It seems, of late, that there are independent college audition coaches popping up everywhere. Every month or so during the audition recruitment season, new services appear virtually all over the country, in big cities and small towns, in the Northeast, the Southwest, and the Midwest. Those families who find themselves in the market for a college audition coach need only use Google to see an abundance of offerings. Some of these college advisors also work as private voice or acting coaches, and some are instructors at summer performing arts programs or training facilities.
Currently there are about 20 private advisors throughout the country who have set up shop offering college audition coaching services. And that number increases substantially if you take training schools, summer programs, and online companies into account. Many of those offer a college prep weekend or college audition workshops and seminars. And the largest coaching company for college auditioning, based in New York City, has about 50 individual coaches on their roster (most of whom are recent graduates from BFA college programs). And there are college theater faculty members available for private lessons and master classes focusing on college prep. In fact, more and more university theater, music, and dance departments now have summer pre-college programs.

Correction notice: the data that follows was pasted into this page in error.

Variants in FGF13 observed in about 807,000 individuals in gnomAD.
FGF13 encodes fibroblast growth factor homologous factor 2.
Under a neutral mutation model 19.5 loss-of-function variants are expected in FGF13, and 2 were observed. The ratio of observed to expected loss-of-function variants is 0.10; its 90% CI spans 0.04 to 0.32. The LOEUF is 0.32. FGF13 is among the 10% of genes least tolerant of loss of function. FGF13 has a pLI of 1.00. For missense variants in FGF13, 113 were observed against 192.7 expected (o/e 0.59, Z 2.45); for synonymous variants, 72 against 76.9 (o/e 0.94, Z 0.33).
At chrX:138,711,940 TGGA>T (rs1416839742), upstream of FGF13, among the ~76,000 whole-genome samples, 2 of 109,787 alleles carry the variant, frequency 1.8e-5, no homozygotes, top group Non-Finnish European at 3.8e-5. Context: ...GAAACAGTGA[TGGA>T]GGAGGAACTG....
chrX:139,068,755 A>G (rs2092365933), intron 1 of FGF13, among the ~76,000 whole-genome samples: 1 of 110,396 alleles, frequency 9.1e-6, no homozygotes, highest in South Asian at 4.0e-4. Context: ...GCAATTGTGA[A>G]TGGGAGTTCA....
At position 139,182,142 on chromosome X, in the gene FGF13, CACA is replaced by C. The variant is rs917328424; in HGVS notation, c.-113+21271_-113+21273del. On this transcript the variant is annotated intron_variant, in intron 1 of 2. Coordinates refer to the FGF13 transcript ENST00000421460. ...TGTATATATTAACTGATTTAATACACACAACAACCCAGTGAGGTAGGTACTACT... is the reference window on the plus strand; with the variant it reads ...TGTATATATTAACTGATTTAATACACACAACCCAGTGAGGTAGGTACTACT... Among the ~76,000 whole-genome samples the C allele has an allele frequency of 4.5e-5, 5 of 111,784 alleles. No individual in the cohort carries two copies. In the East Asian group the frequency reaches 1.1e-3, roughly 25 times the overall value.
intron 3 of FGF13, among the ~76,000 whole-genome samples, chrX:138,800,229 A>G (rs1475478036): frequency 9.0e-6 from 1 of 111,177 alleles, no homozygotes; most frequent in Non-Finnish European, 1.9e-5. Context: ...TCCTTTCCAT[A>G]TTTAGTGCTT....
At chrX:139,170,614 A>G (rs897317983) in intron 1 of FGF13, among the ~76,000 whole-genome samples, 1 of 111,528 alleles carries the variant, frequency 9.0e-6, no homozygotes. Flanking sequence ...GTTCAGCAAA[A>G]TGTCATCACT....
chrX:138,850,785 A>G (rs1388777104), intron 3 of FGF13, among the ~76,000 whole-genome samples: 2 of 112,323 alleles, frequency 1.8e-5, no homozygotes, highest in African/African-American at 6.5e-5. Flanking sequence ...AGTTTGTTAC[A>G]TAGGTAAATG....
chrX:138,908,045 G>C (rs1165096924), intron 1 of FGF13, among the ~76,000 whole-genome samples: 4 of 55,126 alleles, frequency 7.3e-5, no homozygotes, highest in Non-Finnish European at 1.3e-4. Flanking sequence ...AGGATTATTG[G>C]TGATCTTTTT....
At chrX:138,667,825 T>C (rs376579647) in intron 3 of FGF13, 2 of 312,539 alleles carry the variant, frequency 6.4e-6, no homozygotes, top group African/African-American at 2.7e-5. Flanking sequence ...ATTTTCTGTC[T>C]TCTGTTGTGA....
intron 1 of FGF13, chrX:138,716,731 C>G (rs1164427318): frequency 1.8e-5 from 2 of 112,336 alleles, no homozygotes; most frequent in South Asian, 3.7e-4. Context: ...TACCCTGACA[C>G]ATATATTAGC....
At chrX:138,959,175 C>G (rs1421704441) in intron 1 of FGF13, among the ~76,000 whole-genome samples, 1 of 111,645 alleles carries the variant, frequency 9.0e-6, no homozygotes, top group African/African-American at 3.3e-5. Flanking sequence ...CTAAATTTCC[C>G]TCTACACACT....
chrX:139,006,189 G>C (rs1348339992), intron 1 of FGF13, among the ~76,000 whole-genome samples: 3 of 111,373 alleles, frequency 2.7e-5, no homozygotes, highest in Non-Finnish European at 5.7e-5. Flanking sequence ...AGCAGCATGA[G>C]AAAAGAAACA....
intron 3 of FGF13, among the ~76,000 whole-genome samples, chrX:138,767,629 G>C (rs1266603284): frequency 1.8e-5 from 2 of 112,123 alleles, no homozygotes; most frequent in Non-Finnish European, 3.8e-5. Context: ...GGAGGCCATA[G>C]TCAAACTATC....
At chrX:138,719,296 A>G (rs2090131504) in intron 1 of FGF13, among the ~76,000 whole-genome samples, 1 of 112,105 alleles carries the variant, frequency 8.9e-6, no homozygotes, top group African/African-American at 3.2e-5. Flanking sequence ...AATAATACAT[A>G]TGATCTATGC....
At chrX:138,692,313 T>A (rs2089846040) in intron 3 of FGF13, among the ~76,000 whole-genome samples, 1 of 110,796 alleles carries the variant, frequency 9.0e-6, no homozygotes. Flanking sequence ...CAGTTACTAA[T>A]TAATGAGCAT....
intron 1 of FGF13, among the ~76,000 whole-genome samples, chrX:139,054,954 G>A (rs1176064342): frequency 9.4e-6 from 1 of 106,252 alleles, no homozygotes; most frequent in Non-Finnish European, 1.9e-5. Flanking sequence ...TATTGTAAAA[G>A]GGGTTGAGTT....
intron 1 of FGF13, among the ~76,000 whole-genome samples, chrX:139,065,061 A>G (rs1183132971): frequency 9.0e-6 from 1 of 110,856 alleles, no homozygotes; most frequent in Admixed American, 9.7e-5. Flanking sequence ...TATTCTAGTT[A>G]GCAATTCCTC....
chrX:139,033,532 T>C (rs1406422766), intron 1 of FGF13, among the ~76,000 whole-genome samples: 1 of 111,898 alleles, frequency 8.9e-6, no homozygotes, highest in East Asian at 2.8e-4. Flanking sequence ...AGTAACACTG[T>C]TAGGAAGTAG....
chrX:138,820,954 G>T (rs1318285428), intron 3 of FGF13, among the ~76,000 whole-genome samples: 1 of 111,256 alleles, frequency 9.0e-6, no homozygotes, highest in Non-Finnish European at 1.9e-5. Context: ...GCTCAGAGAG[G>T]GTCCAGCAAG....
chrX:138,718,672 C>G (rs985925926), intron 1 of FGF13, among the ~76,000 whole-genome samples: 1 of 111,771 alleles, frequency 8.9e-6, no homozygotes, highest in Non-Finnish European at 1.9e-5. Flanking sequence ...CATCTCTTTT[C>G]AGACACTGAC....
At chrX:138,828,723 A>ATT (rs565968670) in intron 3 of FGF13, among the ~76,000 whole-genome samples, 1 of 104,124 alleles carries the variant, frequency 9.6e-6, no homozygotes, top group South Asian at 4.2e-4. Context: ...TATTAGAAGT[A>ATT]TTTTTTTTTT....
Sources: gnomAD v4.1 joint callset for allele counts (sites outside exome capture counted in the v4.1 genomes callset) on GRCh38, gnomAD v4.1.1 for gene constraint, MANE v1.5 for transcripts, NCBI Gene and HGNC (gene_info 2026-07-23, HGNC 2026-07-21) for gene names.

So what is spurring this trend? I asked my friend and colleague, Amy Rogers, who is writing a book on the BFA musical theater process. Amy is director and founder of the Pace University BFA Musical Theatre program in New York City. Their drama department has a record number of applicants in the thousands.
Amy had this to say: “Roughly a third (this is a very unscientific estimate) of students we see audition use a coach or a coaching company to help them prepare for their college audition. The growing competitive nature of acceptances into BFA theater programs has helped to fuel this relatively new cottage industry of college audition coaches. Families have realized they need help navigating this often overwhelming process, which coaches tend to do very well.”
But does coaching actually give these musical theater hopefuls an advantage in the college admission process? She continues,
“The truth is that while students who have coaches are often very prepared, organized, have strong repertoire choices, and strong audition skills, they do not have any kind of advantage on the final outcome of acceptances. Talent, skill, and potential will get you accepted regardless if you are using a coach or not.”